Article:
LAURINBURG – Eating one’s words will take on a whole new meaning Tuesday when the Scotland County Literacy Council holds its second annual Edible Book Festival.
The event takes place from 6 to 8 p.m. at the Storytelling Arts Center at 131 S Main St.
Literacy Council Director Janie Adams had such a good time last year that she is excited to see what people come up with next week.
“It’s so fun to watch people get excited and see their ideas start to flow; everybody was so creative,” Adams said. “I loved Carolyn’s [McNeil]; she put a bunch of candy bars on one side of hers and put a Dove bar by itself for ‘Lonesome Dove.”
McNeil is the council’s outreach director.
Participants can register up to the morning of the event. Entries can be made by teams or individuals who make an edible creation representing a book or book title.
Submissions will be judged in six categories: best in show, puniest, people’s choice, best children’s, best fiction, and best nonfiction.
After the exhibits have been viewed and voted on, the works will be ready for tasting. Adams requested that exhibitors provide a list of ingredients for those who may have food allergies.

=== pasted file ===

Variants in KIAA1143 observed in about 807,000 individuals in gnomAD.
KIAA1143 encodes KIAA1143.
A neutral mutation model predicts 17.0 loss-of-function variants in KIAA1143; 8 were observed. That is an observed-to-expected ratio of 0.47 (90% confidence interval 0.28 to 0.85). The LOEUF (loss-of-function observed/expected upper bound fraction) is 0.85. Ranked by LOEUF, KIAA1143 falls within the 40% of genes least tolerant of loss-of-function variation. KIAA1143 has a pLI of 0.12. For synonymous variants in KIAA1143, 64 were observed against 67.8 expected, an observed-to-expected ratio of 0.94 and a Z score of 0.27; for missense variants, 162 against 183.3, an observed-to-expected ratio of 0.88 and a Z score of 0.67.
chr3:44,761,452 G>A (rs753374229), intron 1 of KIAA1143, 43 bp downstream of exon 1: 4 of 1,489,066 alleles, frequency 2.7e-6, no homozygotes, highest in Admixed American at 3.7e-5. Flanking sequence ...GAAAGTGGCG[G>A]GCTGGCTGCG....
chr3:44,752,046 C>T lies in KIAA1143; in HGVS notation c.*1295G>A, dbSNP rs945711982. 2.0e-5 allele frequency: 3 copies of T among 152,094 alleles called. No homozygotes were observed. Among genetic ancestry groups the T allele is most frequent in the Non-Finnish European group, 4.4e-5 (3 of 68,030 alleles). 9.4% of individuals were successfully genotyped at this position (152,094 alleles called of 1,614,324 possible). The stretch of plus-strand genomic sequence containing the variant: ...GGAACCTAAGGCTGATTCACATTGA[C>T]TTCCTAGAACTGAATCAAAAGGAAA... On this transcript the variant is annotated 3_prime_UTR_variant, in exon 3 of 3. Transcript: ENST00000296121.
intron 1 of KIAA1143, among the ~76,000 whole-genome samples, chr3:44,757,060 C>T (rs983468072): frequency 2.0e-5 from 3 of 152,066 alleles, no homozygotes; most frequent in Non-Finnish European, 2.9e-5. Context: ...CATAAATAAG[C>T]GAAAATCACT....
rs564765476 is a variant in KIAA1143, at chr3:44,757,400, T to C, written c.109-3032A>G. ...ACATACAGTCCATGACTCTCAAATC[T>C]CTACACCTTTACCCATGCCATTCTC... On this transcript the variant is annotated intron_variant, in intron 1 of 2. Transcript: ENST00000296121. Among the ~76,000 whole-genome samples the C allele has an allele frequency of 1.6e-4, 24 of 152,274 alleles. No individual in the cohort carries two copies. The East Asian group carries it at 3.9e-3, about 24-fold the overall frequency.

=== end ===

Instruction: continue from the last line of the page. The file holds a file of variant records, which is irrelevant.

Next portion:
Participants can enter up to three displays: One entry is $10, two is $14 and three are $15.
General admission is $8 for adults and $4 for children.
There is already one entrant to the children’s category.
Five-year-old Kayden Easterling and her tutor Sandra Leonard will set up a display representing the children’s book, “If You Give a Cat a Cupcake.”
“Kayden’s grandma made her outfit, and she is so excited,” said Leonard “You can’t help but get excited when you see a cute little five year old excited.”
Adams and McNeil are also trying hard to come up with ideas for this year’s entries.
“I’m thinking on it; I’ve got a couple of ideas for this year. Last year I did ‘Lonesome Dove,” McNeil said adding that she won a prize for her depiction of Larry McMurtry’s novel.
There will also be a silent auction during the evening.
Proceeds from this year’s benefit will be put toward paying off the mortgage on the council’s office space and tutoring software.
“We’re trying to get the Sanford House paid off so we can have funds for program expenses,” Adams said. “We trying to purchase programs for the adult basic literacy to make it more independent and to update test material.”
Reach Beth Lawrence 910-506-3169